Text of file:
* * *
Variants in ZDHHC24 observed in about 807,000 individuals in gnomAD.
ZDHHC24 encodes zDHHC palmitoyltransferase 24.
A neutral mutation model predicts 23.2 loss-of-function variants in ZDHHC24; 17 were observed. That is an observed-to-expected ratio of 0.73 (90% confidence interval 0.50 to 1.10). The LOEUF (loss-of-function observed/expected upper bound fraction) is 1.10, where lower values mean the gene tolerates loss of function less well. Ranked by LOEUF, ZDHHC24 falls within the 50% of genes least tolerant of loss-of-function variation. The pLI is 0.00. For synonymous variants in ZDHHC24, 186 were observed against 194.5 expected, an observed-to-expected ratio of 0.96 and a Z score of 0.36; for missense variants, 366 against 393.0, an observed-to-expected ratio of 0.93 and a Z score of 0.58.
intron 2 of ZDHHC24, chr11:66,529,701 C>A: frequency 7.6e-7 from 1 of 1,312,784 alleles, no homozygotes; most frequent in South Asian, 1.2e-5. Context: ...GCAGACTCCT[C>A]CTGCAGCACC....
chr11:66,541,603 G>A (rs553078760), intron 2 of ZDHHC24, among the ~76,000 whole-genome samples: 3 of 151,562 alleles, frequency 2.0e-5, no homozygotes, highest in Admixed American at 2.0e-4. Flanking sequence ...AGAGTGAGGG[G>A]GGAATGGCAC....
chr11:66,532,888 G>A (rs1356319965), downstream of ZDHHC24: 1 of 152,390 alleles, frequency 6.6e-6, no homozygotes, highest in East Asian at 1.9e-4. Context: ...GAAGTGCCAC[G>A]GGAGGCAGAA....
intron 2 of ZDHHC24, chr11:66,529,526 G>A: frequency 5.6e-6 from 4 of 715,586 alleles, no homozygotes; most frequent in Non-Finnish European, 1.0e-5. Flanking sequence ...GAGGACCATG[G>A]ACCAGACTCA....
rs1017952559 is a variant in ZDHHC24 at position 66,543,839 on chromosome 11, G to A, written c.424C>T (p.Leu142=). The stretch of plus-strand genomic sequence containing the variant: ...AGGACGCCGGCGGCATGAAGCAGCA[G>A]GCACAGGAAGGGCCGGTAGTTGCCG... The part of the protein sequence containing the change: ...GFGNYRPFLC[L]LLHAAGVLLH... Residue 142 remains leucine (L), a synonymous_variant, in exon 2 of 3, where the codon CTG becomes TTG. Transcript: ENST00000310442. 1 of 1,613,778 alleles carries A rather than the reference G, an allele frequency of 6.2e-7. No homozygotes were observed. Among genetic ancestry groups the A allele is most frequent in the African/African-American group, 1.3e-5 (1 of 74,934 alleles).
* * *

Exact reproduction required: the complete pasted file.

Variants in ZDHHC24 observed in about 807,000 individuals in gnomAD.
ZDHHC24 encodes zDHHC palmitoyltransferase 24.
A neutral mutation model predicts 23.2 loss-of-function variants in ZDHHC24; 17 were observed. That is an observed-to-expected ratio of 0.73 (90% confidence interval 0.50 to 1.10). The LOEUF (loss-of-function observed/expected upper bound fraction) is 1.10, where lower values mean the gene tolerates loss of function less well. Ranked by LOEUF, ZDHHC24 falls within the 50% of genes least tolerant of loss-of-function variation. The pLI is 0.00. For synonymous variants in ZDHHC24, 186 were observed against 194.5 expected, an observed-to-expected ratio of 0.96 and a Z score of 0.36; for missense variants, 366 against 393.0, an observed-to-expected ratio of 0.93 and a Z score of 0.58.
intron 2 of ZDHHC24, chr11:66,529,701 C>A: frequency 7.6e-7 from 1 of 1,312,784 alleles, no homozygotes; most frequent in South Asian, 1.2e-5. Context: ...GCAGACTCCT[C>A]CTGCAGCACC....
chr11:66,541,603 G>A (rs553078760), intron 2 of ZDHHC24, among the ~76,000 whole-genome samples: 3 of 151,562 alleles, frequency 2.0e-5, no homozygotes, highest in Admixed American at 2.0e-4. Flanking sequence ...AGAGTGAGGG[G>A]GGAATGGCAC....
chr11:66,532,888 G>A (rs1356319965), downstream of ZDHHC24: 1 of 152,390 alleles, frequency 6.6e-6, no homozygotes, highest in East Asian at 1.9e-4. Context: ...GAAGTGCCAC[G>A]GGAGGCAGAA....
intron 2 of ZDHHC24, chr11:66,529,526 G>A: frequency 5.6e-6 from 4 of 715,586 alleles, no homozygotes; most frequent in Non-Finnish European, 1.0e-5. Flanking sequence ...GAGGACCATG[G>A]ACCAGACTCA....
rs1017952559 is a variant in ZDHHC24 at position 66,543,839 on chromosome 11, G to A, written c.424C>T (p.Leu142=). The stretch of plus-strand genomic sequence containing the variant: ...AGGACGCCGGCGGCATGAAGCAGCA[G>A]GCACAGGAAGGGCCGGTAGTTGCCG... The part of the protein sequence containing the change: ...GFGNYRPFLC[L]LLHAAGVLLH... Residue 142 remains leucine (L), a synonymous_variant, in exon 2 of 3, where the codon CTG becomes TTG. Transcript: ENST00000310442. 1 of 1,613,778 alleles carries A rather than the reference G, an allele frequency of 6.2e-7. No homozygotes were observed. Among genetic ancestry groups the A allele is most frequent in the African/African-American group, 1.3e-5 (1 of 74,934 alleles).